Monday, April 9, 2007

Fear And Loathing In The Blogosphere

Yes, Kathy Sierra should be able to post without being harassed. Yes, this is about more than one individual being stalked - it's about preventing vicious, illegal gender harassment.

No, Tim O'Reilly's proposed blogger code of ethics does not make a damn bit of sense.

I am not taking responsibility for the comments people leave in my blogs. I will allow anonymous comments. And I think the whole idea is silly and totally inappropriate.

The appropriate response is to go after Kathy's harassers and subject them to the criminal penalties they have already earned themselves by breaking the law. We already have cops to take care of this thing. That's what they're for.

I don't know if Tim O'Reilly's on some kind of power trip, or freaking out due to panic, or what, but his proposed code is just twenty different kinds of wrong. First, blogging as a community is too diverse for the code ever to reach critical mass. Most bloggers will never even hear about it. Second, what Kathy's harassers did is already in violation of the law, and when systems exist to handle problems, creating new systems to handle the same problem is redundant -- and additionally useless, when you consider that a voluntary code of conduct is a toothless system compared to a system which subjects harassers to legal penalties, including the possibility of jail time. What Tim's proposing is not even a failover system, it's just a totally meaningless add-on. It's like adding lines of code which increment a variable to a program that already works, and then not even doing anything with the incremented variable. It's busywork.

You can't fault him for wanting to help one of his writers, and you can't fault anyone for wanting to be sure things like that never happen, but the proposed solution is so utterly unrealistic that it shouldn't be considered anything but a display of emotion. Can't fault the emotion itself, but when he calms down a little, I think even Tim will see how ridiculous his suggestion is.


  1. Next they'll be having a KathyAID concert. Please, people, develop a sense of proportion.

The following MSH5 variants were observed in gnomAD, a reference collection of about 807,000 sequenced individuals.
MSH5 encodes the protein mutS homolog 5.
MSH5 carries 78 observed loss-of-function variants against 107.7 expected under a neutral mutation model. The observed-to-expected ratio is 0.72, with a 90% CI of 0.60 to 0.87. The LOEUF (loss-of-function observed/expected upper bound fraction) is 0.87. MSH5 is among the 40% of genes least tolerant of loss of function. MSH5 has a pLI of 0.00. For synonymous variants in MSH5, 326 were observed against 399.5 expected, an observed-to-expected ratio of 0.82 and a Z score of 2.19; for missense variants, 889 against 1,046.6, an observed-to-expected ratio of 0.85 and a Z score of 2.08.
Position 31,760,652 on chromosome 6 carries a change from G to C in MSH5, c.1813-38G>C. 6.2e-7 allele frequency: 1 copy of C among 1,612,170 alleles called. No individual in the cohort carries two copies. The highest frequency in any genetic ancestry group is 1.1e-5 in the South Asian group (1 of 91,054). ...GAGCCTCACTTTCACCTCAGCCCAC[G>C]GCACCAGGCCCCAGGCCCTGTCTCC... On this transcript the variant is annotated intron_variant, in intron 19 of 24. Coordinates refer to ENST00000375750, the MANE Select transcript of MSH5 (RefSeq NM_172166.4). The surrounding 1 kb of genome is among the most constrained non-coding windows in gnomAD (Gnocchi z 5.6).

2. I don't really think it's necessarily over-reaction. I definitely think people should back her up. It's just, if what you have is criminal behavior, how is a code of ethics going to make any difference? They got the cops investigating it as a death threat. If people are willing to break the law, they won't draw the line at violating Tim O'Reilly's voluntary code of ethics.

  3. I disagree with The Blogger Code Of Ethics, right down to "Don't feed the trolls". Every blogger has his or her own way of handling things, and I appreciate the variety in approaches. For example, in a comment to comic, someone asserted that everything written by the author in ColdFusion was a kludge and that the author wasn't doing real web development. This is totally bogus, as it can be seen by reading some of the author's posts, even without looking at the ColdFusion code, that the he has a firm grasp on things like pagination, timeouts, and client-side scripting.

    However, rather than ignore the post, the author gave a well-thought response. If the troll read and thought about the response, he may have realized that he has a bias against ColdFusion and is unfairly judging the guy. Who knows, maybe you can teach a troll once in a while. Why have a universal rule that you don't even bother trying?

    The great thing about blogging is that everyone is free to start a blog and do everything the way they want, and everyone with an Internet connection can read any public blog.


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